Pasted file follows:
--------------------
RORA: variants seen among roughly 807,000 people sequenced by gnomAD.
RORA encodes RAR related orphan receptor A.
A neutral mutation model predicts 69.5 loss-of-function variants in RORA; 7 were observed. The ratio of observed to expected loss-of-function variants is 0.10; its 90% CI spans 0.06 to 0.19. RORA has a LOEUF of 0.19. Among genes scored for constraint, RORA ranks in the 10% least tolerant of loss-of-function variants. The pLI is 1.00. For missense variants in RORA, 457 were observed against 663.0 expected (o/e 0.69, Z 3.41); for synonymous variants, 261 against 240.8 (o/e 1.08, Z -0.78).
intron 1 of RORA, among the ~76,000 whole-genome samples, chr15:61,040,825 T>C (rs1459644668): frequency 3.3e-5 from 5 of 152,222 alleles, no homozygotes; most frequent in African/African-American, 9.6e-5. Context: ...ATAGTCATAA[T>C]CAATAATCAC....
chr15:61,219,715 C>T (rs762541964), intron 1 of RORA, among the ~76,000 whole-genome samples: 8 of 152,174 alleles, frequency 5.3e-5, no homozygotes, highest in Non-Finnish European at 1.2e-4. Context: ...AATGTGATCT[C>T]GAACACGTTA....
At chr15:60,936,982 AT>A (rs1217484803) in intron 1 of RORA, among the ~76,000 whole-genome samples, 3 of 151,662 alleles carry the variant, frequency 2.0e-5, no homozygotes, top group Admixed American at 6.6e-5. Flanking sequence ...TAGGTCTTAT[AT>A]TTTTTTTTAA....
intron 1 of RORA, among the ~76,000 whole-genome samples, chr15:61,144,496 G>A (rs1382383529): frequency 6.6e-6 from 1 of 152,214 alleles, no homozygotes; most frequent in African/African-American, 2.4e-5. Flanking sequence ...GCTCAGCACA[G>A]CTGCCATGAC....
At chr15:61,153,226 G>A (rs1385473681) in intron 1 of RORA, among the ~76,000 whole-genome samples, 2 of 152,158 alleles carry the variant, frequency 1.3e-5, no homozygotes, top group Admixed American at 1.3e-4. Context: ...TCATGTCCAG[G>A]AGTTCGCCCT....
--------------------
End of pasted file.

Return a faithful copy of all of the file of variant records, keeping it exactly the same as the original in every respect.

RORA: variants seen among roughly 807,000 people sequenced by gnomAD.
RORA encodes RAR related orphan receptor A.
A neutral mutation model predicts 69.5 loss-of-function variants in RORA; 7 were observed. The ratio of observed to expected loss-of-function variants is 0.10; its 90% CI spans 0.06 to 0.19. RORA has a LOEUF of 0.19. Among genes scored for constraint, RORA ranks in the 10% least tolerant of loss-of-function variants. The pLI is 1.00. For missense variants in RORA, 457 were observed against 663.0 expected (o/e 0.69, Z 3.41); for synonymous variants, 261 against 240.8 (o/e 1.08, Z -0.78).
intron 1 of RORA, among the ~76,000 whole-genome samples, chr15:61,040,825 T>C (rs1459644668): frequency 3.3e-5 from 5 of 152,222 alleles, no homozygotes; most frequent in African/African-American, 9.6e-5. Context: ...ATAGTCATAA[T>C]CAATAATCAC....
chr15:61,219,715 C>T (rs762541964), intron 1 of RORA, among the ~76,000 whole-genome samples: 8 of 152,174 alleles, frequency 5.3e-5, no homozygotes, highest in Non-Finnish European at 1.2e-4. Context: ...AATGTGATCT[C>T]GAACACGTTA....
At chr15:60,936,982 AT>A (rs1217484803) in intron 1 of RORA, among the ~76,000 whole-genome samples, 3 of 151,662 alleles carry the variant, frequency 2.0e-5, no homozygotes, top group Admixed American at 6.6e-5. Flanking sequence ...TAGGTCTTAT[AT>A]TTTTTTTTAA....
intron 1 of RORA, among the ~76,000 whole-genome samples, chr15:61,144,496 G>A (rs1382383529): frequency 6.6e-6 from 1 of 152,214 alleles, no homozygotes; most frequent in African/African-American, 2.4e-5. Flanking sequence ...GCTCAGCACA[G>A]CTGCCATGAC....
At chr15:61,153,226 G>A (rs1385473681) in intron 1 of RORA, among the ~76,000 whole-genome samples, 2 of 152,158 alleles carry the variant, frequency 1.3e-5, no homozygotes, top group Admixed American at 1.3e-4. Context: ...TCATGTCCAG[G>A]AGTTCGCCCT....